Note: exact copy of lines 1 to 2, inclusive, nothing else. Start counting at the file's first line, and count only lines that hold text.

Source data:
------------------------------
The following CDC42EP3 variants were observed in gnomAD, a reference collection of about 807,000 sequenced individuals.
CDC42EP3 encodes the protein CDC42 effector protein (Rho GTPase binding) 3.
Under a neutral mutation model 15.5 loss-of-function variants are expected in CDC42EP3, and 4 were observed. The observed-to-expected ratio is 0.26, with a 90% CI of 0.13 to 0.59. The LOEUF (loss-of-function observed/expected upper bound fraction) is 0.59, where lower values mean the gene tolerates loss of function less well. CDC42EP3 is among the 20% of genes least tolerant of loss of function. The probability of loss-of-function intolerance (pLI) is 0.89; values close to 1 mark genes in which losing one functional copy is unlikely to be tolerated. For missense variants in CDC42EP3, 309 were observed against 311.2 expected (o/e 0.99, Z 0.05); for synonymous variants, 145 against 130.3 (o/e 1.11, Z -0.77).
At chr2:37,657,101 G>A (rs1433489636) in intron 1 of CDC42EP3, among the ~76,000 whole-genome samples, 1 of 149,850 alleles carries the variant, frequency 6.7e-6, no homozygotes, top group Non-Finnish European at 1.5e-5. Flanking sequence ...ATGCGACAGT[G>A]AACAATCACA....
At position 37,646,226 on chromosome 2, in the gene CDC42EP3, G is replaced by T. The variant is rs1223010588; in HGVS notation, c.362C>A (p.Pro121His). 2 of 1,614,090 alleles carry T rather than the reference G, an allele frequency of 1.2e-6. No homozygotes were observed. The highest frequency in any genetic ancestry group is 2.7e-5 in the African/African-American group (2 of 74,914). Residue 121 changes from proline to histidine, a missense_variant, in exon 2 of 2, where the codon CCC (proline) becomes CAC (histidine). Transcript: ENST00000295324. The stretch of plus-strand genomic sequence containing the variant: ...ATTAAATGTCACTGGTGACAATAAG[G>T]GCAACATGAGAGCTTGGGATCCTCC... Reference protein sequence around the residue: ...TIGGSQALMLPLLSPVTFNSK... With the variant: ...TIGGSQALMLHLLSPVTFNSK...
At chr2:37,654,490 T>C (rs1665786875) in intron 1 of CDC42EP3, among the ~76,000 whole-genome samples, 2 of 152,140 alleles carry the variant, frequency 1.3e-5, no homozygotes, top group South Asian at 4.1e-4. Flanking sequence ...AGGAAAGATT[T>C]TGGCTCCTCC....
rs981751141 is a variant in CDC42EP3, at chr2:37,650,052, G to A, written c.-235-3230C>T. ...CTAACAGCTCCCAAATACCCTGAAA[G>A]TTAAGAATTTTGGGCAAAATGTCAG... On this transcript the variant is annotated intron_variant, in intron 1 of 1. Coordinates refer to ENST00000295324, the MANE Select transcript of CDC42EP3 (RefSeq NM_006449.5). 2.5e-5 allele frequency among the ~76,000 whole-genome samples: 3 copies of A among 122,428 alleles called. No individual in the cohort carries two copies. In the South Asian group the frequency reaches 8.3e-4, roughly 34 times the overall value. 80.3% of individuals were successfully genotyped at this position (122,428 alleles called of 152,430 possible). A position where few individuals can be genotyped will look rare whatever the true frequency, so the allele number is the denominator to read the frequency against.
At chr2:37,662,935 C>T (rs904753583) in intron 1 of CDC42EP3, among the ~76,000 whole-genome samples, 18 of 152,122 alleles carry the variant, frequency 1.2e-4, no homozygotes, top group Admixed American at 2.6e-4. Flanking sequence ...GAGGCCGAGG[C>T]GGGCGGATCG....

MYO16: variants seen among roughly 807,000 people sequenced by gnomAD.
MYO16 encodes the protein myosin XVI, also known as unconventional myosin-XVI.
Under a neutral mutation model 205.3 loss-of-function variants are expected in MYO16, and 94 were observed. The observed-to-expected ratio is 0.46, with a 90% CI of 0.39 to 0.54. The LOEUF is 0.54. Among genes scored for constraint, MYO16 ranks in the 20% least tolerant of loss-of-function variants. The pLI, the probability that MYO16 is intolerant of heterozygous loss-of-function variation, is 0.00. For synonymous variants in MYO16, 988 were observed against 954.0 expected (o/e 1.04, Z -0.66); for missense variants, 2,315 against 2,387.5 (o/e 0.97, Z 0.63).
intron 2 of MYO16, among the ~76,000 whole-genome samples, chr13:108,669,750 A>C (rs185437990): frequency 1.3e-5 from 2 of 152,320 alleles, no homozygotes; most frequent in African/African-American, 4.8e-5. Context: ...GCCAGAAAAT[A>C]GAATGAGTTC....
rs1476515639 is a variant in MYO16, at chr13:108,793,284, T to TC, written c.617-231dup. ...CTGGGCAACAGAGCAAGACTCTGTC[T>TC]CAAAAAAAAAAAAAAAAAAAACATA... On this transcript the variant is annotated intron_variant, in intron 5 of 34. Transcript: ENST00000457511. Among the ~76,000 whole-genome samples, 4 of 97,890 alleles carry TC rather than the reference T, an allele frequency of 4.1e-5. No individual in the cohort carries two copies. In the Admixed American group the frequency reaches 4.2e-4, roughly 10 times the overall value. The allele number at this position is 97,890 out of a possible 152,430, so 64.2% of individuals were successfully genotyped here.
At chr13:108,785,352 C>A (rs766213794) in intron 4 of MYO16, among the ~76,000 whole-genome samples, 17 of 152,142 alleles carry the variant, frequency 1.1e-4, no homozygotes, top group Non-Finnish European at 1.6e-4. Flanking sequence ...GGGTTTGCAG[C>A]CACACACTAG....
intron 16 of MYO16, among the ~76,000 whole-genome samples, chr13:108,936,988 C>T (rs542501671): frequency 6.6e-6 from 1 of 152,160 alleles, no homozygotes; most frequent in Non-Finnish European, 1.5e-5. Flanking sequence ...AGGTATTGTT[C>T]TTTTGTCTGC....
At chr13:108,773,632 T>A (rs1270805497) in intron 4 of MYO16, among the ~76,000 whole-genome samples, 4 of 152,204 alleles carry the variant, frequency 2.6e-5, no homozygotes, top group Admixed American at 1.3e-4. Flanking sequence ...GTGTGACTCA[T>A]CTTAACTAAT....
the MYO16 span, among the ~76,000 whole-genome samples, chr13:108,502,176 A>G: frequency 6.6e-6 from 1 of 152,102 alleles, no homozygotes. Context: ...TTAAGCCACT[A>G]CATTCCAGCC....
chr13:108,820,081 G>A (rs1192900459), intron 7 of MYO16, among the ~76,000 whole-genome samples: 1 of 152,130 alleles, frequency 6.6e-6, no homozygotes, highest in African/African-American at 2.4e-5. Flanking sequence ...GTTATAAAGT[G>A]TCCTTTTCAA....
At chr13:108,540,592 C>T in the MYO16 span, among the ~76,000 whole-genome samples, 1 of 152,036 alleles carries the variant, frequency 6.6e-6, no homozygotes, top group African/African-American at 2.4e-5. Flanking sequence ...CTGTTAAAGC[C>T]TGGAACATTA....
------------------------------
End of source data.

The following CDC42EP3 variants were observed in gnomAD, a reference collection of about 807,000 sequenced individuals.
CDC42EP3 encodes the protein CDC42 effector protein (Rho GTPase binding) 3.